WXPR's Ken Krall turned to our own bird expert, Laura Erickson of "For The Birds", who has studied at the Cornell Lab, to talk about the bird count and how Northwoods residents can join in on a little bit of science and a little bit of fun...

Wisconsin DNR Joel Trick

Ten years after Kirtland's warblers were first documented in Wisconsin, populations of the rare songbird have increased and their range is expanding including into Vilas county.

According to the recently released 2017 nesting season report, the number of Kirtland's warblers grew from eleven birds and three nests in 2007 to 53 birds and 20 total nests in 2017.

Wisconsin DNR

A visitor from the far north of Canada is visiting Wisconsin from now into our springtime.

Ornithologists are noting a large influx, or an 'irruption' of snowy owls into the Northwoods. The heaviest of all North American owls, tipping the scales at 3 to 6 pounds, their bright white plumage, large yellow eyes, massive feathered feet attract attention.

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Wisconsin is among the leaders for citizens reporting bird sightings to an international bird observation website.

Birding has become an increasingly popular pastime in the Northwoods and elsewhere, and a DNR biologist says this is eveident in the recent report on citizen participation on the 'eBird' website.

The DNR's Nich Anich says observations from Wisconsinites are many....

en.wikipedia.org

2016 is the centennial year of a significant treaty between the U.S. and Canada to protect birds and their migratory paths.

The North American neighbors will celebrate the 100th anniversary of the signing of the Migratory Bird Treaty Tuesday August 16.This historic agreement established bird protection measures across state and international borders.

Ken Krall spoke with the DNR's Meredith Penthorn about how an international treaty signed 100 years ago is significant today and into the future....

Cranes Return to Northwoods In Time for Midwest Crane Count

Mar 31, 2015
Mitch Mode / WXPR News

As the days get longer many migratory birds are returning to the Northwoods.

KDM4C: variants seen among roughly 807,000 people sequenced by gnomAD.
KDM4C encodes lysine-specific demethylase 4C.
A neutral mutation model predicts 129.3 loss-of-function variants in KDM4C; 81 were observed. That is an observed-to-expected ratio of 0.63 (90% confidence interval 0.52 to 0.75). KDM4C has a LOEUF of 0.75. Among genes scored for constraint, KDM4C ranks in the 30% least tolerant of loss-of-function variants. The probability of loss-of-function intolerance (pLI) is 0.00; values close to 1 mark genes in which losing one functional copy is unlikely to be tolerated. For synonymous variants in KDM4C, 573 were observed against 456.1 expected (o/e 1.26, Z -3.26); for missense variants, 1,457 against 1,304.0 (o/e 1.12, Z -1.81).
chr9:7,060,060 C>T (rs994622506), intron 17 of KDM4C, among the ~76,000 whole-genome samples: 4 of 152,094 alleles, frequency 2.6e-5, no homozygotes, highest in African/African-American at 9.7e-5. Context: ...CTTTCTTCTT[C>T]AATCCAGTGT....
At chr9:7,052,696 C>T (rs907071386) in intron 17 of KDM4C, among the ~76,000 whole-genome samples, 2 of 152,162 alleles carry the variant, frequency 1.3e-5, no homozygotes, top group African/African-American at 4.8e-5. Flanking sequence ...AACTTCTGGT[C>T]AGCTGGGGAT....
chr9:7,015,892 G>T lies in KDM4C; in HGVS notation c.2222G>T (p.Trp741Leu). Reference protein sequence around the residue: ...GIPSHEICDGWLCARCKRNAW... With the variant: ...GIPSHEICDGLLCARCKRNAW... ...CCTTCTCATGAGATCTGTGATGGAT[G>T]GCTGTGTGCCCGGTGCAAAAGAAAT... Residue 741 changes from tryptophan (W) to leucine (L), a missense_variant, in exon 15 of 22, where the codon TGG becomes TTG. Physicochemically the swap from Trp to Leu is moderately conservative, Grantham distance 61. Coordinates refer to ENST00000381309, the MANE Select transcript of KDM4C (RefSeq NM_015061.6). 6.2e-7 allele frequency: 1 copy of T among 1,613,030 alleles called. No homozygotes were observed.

Geese and robins have been reported, and birder Bob Dall says sandhill cranes have been back for a few weeks now. 

“They don’t need open water, they are more likely in search of open fields or areas where they can find food.  Some of them come back when there’s still snow and ice.” 

The annual spring Midwest Crane Count happens in a few weeks, on April 18th. 

Loon Symposium Highlights Role of Citizen Scientists

Oct 27, 2014
Mitch Mode

A conference on loons this weekend put the spotlight on citizen involvement in scientific research. 

Wildlife rehabilitator Marge Gibson of Antigo’s Raptor Education Group says the two-day Loon Symposium was unique in including citizens that collect observational data on loons.

“They are providing such a huge benefit to loon observation, and even giving this information back to the researchers.  And that to me was so exciting to see.” 

Raptors Take Flight Through Midwestern Skies

Oct 9, 2014
http://en.wikipedia.org/wiki/Northern_goshawk#mediaviewer/File:AccipterGentilisJuvenileFlight1.jpg

As colder weather moves into the Northwoods, most birds are moving out.  The fall migration is well underway for raptors and many other species of birds. 

At the Hawk Ridge Bird Observatory in Duluth, researchers have counted tens of thousands of raptors passing overhead in the past several weeks.